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CPM vs CPC vs CPA vs CPL vs CPI

CPM Vs. CPC Vs. CPA Vs. CPL Vs. CPI
We'll look at the detailed breakdown of CPM Vs CPC Vs CPA Vs CPL Vs CPI in this guide.

CPM vs CPC vs CPA vs CPL vs CPI

Both publishers and advertisers want to settle on the best pricing model, before starting a campaign. In this piece, we’ve compared CPM vs CPC vs CPA vs CPL vs CPI so that you can pick the right model for your websites. 

Publishers who have successfully gained a considerable amount of traffic on their websites would start thinking about the ways to monetize their web traffic.

They start to get some Requests for proposals (RFP) from some potential advertisers or plan to dive into the programmatic advertising. Whatever it is, the crucial step that the Publisher needs to take is choosing the Advertisement model or pricing Method that will be used by them to charge the advertisers.  

Sounds easy?

But, it is not. Digital Ad displays are way different from traditional advertisements and hence they are priced in a different manner. Technology enables the advertisers to track the number of times its ads were clicked and the action following the ad click. This way advertisers can compensate the publishers based on varied criteria.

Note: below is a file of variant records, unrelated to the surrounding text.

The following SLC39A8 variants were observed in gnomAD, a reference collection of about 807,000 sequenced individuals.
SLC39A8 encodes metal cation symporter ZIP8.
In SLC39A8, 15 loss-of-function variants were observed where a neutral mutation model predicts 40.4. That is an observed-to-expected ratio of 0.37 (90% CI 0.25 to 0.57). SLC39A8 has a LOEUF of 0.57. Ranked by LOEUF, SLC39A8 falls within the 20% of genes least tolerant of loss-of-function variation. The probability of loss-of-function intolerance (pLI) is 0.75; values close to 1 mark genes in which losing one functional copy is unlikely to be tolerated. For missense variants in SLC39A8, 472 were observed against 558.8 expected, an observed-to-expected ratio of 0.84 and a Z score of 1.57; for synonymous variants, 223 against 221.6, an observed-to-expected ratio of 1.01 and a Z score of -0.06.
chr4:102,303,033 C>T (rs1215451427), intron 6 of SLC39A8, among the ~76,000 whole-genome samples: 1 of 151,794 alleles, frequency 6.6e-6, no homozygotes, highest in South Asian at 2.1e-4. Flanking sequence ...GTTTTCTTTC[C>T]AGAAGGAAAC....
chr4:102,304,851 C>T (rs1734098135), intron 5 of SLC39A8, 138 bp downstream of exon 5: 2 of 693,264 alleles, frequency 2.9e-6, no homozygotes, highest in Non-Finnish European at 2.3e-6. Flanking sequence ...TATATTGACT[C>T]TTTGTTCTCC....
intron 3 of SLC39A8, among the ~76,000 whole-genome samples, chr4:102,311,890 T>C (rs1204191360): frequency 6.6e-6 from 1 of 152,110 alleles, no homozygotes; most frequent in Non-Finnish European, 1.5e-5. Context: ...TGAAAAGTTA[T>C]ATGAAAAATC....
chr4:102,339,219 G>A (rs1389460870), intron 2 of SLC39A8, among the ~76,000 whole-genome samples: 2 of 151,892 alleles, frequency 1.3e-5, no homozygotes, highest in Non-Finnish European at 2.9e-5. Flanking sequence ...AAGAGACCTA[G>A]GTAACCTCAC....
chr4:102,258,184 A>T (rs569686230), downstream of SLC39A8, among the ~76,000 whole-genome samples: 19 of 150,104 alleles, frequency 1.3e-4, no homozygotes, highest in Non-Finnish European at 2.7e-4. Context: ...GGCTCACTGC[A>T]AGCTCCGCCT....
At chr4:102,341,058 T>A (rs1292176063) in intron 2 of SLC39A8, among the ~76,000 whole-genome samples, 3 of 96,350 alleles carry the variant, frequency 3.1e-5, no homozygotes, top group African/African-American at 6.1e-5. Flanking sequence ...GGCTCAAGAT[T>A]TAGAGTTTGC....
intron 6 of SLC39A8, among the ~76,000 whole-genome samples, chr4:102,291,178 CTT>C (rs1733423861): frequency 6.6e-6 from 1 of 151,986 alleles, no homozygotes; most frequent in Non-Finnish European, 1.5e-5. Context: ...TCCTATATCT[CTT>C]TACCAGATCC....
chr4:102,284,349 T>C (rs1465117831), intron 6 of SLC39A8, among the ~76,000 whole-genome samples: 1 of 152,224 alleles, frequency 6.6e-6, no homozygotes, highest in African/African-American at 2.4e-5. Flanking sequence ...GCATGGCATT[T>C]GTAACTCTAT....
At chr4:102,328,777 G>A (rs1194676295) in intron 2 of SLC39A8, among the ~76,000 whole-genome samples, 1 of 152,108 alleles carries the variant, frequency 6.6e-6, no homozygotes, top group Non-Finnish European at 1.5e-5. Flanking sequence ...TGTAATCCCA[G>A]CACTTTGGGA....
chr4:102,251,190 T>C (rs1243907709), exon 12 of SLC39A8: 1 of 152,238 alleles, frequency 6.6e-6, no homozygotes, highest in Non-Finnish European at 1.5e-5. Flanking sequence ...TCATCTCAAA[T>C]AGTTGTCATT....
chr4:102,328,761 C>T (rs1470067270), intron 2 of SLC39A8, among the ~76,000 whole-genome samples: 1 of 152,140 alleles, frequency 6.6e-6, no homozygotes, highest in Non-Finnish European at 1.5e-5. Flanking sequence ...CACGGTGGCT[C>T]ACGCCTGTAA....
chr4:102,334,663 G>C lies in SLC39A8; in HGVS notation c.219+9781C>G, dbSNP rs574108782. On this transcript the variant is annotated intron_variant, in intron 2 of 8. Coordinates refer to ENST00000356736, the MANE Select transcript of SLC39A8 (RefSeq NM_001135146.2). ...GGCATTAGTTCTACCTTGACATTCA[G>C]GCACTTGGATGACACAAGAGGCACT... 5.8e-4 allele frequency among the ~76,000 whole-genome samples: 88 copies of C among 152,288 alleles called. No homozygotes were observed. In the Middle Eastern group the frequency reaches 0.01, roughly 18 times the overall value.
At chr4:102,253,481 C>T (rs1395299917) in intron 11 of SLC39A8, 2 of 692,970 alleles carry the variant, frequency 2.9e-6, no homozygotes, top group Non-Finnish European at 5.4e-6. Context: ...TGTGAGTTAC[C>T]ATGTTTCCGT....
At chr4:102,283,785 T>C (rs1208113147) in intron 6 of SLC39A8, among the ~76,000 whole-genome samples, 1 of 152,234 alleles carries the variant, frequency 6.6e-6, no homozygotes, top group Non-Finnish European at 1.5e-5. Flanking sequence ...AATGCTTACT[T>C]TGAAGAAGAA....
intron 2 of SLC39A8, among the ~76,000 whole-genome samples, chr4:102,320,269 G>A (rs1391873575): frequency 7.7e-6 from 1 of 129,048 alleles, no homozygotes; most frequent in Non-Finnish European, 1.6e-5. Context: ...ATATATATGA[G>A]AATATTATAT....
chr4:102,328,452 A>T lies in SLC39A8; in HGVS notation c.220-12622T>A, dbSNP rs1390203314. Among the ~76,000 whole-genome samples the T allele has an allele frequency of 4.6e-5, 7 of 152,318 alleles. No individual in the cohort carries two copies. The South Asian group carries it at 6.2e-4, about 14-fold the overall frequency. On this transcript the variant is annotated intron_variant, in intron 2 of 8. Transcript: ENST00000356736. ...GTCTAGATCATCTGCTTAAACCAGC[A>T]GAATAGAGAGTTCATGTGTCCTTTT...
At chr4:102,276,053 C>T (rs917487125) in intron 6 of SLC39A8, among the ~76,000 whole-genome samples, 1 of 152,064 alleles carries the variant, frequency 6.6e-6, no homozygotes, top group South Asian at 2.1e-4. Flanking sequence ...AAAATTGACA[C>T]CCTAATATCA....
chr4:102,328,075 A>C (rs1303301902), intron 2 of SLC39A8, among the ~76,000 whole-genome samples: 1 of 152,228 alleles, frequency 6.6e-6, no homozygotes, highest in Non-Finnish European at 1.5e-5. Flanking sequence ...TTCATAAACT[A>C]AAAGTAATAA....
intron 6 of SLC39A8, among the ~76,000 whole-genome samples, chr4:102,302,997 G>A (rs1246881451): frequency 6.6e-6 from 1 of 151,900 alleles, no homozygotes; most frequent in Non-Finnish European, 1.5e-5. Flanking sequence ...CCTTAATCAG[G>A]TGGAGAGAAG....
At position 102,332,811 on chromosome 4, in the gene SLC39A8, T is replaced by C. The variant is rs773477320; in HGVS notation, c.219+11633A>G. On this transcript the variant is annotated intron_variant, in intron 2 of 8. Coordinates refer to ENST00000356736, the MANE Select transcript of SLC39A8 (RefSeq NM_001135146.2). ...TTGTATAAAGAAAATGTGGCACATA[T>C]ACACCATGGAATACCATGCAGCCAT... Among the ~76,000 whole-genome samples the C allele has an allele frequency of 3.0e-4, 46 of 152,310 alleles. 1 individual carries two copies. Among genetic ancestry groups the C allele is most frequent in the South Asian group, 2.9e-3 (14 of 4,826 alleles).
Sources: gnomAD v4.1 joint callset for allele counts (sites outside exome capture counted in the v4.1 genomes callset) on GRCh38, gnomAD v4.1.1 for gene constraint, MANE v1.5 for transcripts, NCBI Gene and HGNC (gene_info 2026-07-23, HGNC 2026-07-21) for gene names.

Basically, there are 5 ways in which the digital advertisements are traded. 

  1. Cost Per Thousand (CPM)
  2. Cost Per Click (CPC)
  3. Cost Per Action (CPA)
  4. Cost Per Lead (CPL)
  5. Cost Per Impression (CPI)

We’ll look at the detailed breakdown of CPM Vs CPC Vs CPA Vs CPL Vs CPI.

Cost Per Thousand (CPM)

In CPM Ad Model (also called cost per mille), the advertiser pays the publisher a specific amount of money for every 1000 ad impressions. This means the publisher gets paid for every thousand times, the ad is shown on the website.

Pros:

  • The ad revenue generated by CPM is more predictable as the publishers have a fair knowledge of their average page views per month.
  • By the CPM model, the advertisement reaches a wider set of audiences as compared to other models. Thus, those advertisers who focus on brand awareness (in other terms, the majority of new advertisers) go with the publishers offering this Ad model.
  • CPM model offers simplicity to publishers. The end goal is to deliver the impressions that both parties have agreed upon. No additional tracking requirements. 

Cons:

  • Extensive media ads need to be offered by publishers like pop-ups, videos, and interactive games so that advertisers can gain some value out of the impressions.